higher education

ITT Educational Services headquarters in Carmel, Ind.
Michael Conroy / AP

Lawmakers discussed Oklahoma’s for-profit colleges and sexual assaults on college campuses during a pair of interim studies Wednesday in the House Higher Education and Career Tech Committee.

State Rep. Chad Caldwell, R-Enid, requested the study, and Education Secretary Natalie Shirley agreed with his assessment that private vocational schools play an important role in Oklahoma's education system.

The Bizzell Memorial Library at the University of Oklahoma
Brian Hardzinski / KGOU

The Oklahoma State Regents for Higher Education approved tuition and fee increases for public college and universities across the state.

The panel voted unanimously for the rate hike on Thursday. The increase averages 8.4 percent across the state.

The Associated Press reports the tuition fee increases range from Langston University's 3.7 percent increase to Rose State College's 13 percent hike.

Institutions of higher education requested the increase after the state legislature cut funding due to a budget shortfall shortfall.

Original Post:

University of Oklahoma President David Boren speak to reporters after the second day of the Big 12 sports conference meetings in Irving, Texas, Thursday, June 2, 2016.
LM Otero / AP

The University of Oklahoma Board of Regents has approved a 7 percent tuition and fee increase for Fiscal Year 2017. It’s the largest hike for OU students since 2008.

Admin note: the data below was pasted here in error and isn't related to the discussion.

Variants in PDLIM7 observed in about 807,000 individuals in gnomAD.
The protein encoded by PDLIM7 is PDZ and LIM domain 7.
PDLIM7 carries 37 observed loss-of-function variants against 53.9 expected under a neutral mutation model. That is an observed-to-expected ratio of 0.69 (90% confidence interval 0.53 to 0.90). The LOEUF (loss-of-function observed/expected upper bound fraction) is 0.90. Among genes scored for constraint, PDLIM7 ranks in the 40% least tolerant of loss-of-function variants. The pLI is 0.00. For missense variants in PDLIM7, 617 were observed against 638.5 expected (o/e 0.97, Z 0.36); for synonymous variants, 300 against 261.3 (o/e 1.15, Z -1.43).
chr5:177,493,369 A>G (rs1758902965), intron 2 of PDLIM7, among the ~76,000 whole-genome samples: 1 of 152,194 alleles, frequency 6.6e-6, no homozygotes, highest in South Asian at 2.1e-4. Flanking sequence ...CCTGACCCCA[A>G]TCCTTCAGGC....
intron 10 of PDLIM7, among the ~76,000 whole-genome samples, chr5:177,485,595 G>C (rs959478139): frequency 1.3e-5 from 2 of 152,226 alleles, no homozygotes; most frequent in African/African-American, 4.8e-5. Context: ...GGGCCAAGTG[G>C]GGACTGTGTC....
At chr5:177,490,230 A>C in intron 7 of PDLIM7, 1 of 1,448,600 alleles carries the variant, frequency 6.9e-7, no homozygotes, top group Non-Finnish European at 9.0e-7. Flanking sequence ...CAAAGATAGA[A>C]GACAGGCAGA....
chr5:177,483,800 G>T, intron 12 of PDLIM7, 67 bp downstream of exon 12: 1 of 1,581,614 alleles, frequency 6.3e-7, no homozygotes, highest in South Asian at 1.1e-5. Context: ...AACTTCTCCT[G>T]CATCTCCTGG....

OU President David Boren said during Tuesday’s Regents meeting that OU operates with $160 million less than it did in 2008, despite a 1,000-1,500 increase in the number of students.

Students on the University of Oklahoma campus during the 2016 spring semester.
Brian Hardzinski / KGOU

The Oklahoma State Regents for Higher Education may consider raising tuition rates during meetings scheduled for later this month.

eCapitol's Tyler Talley reports Chancellor Glen Johnson said budget cuts that were made during this fiscal year have negatively affected the academic mission and the students at Oklahoma's institutions of higher learning:

Five years ago, Tonia Sina was diagnosed with a blood-clotting disorder called atypical hemolytic uremic syndrome.
Photo illustration by Brent Fuchs and Bryan M. Richter / The Journal Record

There’s no shortage of issues to address when it comes to the $900-million-and-counting budget shortfall over the next four months of legislative session.

The number could grow larger when the Board of Equalization certifies new numbers later this month. In Gov. Mary Fallin’s executive budget unveiled Monday during her State of the State address, most state agencies will see a 6 percent cut. Some, like the Oklahoma Health Care Authority, will take a smaller 3 percent hit.